Chomsky earned a doctorate in linguistics from the University of Pennsylvania in 1955. He eventually became a professor of linguistics at the Massachusetts Institute of Technology. His linguistic studies led him to critical analyses of the behavioral movement headed by B. F. Skinner.
During the Vietnam War Chomsky was active in the antiwar protest movement, severely criticizing American foreign policy in his book American Power and the New Mandarins (1969). There followed a steady stream of articles and books critical of American politics and foreign policy. Among his books are Towards a New Cold War: Essays on the Current Crisis and How We Got There (1973), For Reasons of State (1973), and Manufacturing Consent: The Political Economy of the Mass Media (1988).
While Chomsky's political views have evolved over the years, they may best be described as anarcho-syndicalist. Chomsky sees syndicalism as the ordering principle in an anarchist world. He would replace states and corporate capitalism by groups of laboring people democratically controlling the means of production. Chomsky's criticism of Israel has been described as both anti-Zionist and anti-Semitic, something he vehemently denies. While he has at times been critical of the policies of socialist states, he has been a persistent critic of U.S. policies. Andrew Jackson Waskey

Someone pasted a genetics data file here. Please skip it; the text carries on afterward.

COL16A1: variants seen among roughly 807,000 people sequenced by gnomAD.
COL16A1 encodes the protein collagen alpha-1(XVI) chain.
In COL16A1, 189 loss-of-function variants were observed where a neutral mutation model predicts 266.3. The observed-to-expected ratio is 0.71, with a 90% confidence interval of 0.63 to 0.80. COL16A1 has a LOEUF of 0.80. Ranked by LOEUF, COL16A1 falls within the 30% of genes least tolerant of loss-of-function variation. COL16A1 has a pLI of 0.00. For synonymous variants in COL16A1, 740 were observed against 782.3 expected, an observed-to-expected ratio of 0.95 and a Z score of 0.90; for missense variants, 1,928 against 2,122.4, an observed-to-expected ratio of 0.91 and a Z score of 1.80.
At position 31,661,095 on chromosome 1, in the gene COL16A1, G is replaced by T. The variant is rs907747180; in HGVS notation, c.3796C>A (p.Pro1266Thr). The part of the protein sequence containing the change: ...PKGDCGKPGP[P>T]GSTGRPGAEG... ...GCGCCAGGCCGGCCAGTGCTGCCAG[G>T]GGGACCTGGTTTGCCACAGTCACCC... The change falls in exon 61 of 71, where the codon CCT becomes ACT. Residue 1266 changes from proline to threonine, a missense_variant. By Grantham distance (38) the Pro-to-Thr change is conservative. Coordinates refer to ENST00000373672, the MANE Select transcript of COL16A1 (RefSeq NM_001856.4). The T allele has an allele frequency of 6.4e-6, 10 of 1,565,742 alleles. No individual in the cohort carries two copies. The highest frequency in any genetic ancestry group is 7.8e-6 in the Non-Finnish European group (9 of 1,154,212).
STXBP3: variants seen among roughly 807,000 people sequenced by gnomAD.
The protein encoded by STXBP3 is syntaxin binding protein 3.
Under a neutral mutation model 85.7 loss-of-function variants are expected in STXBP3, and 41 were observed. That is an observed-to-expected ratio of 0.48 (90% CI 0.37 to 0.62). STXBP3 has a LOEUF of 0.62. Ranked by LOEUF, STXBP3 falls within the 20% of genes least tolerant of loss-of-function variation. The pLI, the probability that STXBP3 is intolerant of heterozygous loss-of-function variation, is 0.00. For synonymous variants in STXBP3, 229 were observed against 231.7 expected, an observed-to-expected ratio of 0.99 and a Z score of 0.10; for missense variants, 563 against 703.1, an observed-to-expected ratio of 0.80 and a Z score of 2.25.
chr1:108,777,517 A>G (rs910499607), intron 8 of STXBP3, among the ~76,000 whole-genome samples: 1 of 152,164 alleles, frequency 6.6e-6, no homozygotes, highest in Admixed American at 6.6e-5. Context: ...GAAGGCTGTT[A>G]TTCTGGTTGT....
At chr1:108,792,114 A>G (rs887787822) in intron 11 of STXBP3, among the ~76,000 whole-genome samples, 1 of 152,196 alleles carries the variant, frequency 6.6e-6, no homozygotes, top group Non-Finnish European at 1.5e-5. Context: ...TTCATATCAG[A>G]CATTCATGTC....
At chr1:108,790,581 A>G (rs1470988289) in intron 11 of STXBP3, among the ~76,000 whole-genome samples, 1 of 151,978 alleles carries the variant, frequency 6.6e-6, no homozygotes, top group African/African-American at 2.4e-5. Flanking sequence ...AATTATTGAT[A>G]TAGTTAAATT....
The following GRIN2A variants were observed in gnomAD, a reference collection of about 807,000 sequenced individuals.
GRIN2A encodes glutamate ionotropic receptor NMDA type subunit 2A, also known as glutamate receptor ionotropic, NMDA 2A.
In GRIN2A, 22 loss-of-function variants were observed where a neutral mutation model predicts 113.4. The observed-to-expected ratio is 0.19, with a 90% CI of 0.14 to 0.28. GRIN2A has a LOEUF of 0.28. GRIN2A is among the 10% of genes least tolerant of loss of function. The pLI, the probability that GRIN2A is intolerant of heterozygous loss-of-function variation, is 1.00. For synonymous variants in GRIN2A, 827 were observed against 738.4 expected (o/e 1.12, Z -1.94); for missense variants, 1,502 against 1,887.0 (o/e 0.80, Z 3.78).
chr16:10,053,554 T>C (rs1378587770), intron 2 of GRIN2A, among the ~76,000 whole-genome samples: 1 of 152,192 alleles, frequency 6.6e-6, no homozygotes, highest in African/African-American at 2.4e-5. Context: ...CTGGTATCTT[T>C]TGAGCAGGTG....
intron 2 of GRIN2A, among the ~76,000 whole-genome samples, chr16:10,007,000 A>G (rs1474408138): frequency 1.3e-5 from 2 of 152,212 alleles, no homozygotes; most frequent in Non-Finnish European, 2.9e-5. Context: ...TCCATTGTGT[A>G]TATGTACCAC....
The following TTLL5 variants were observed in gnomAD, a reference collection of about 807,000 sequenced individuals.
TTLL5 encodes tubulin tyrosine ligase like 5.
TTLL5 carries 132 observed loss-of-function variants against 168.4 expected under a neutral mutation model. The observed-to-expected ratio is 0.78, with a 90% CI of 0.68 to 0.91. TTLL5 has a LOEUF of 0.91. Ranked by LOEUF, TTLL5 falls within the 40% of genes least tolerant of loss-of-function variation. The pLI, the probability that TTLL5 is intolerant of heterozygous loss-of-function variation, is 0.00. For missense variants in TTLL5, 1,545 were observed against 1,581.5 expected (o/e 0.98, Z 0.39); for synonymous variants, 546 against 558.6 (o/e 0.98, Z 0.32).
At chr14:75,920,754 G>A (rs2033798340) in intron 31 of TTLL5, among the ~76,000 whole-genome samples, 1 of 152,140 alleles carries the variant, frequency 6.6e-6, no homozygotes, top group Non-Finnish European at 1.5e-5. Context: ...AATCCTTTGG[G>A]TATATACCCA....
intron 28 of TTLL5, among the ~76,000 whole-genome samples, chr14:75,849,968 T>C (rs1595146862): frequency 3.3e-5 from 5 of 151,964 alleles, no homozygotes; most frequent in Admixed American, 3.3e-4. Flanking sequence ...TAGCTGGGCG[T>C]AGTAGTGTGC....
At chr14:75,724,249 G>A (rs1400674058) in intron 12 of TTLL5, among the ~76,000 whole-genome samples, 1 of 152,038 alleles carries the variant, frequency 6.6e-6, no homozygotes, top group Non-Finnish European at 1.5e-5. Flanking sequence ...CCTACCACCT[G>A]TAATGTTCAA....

Collier, Peter, and David Horowitz, eds. The Anti-Chomsky Reader. San Francisco, CA: Encounter Books, 2004.; Maher, J., and J. Groves. Introducing Chomsky. Cambridge, MA: Icon Books, 1999.
Andrew Jackson Waskey